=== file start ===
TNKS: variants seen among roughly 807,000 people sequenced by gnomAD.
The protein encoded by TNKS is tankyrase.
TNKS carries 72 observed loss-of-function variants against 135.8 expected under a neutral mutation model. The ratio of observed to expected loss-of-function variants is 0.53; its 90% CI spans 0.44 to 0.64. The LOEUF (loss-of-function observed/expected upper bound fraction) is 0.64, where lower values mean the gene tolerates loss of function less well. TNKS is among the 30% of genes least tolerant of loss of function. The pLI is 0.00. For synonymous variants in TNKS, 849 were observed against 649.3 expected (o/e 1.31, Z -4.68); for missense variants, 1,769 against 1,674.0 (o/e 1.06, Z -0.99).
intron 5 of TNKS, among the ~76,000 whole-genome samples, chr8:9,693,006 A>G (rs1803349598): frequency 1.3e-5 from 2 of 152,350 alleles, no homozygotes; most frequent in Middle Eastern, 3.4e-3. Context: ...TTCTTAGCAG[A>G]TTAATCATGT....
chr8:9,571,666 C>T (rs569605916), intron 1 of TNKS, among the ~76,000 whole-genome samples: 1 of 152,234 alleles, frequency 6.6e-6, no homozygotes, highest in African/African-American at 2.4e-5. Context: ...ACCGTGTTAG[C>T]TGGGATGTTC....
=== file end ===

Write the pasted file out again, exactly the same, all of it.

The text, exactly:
TNKS: variants seen among roughly 807,000 people sequenced by gnomAD.
The protein encoded by TNKS is tankyrase.
TNKS carries 72 observed loss-of-function variants against 135.8 expected under a neutral mutation model. The ratio of observed to expected loss-of-function variants is 0.53; its 90% CI spans 0.44 to 0.64. The LOEUF (loss-of-function observed/expected upper bound fraction) is 0.64, where lower values mean the gene tolerates loss of function less well. TNKS is among the 30% of genes least tolerant of loss of function. The pLI is 0.00. For synonymous variants in TNKS, 849 were observed against 649.3 expected (o/e 1.31, Z -4.68); for missense variants, 1,769 against 1,674.0 (o/e 1.06, Z -0.99).
intron 5 of TNKS, among the ~76,000 whole-genome samples, chr8:9,693,006 A>G (rs1803349598): frequency 1.3e-5 from 2 of 152,350 alleles, no homozygotes; most frequent in Middle Eastern, 3.4e-3. Context: ...TTCTTAGCAG[A>G]TTAATCATGT....
chr8:9,571,666 C>T (rs569605916), intron 1 of TNKS, among the ~76,000 whole-genome samples: 1 of 152,234 alleles, frequency 6.6e-6, no homozygotes, highest in African/African-American at 2.4e-5. Context: ...ACCGTGTTAG[C>T]TGGGATGTTC....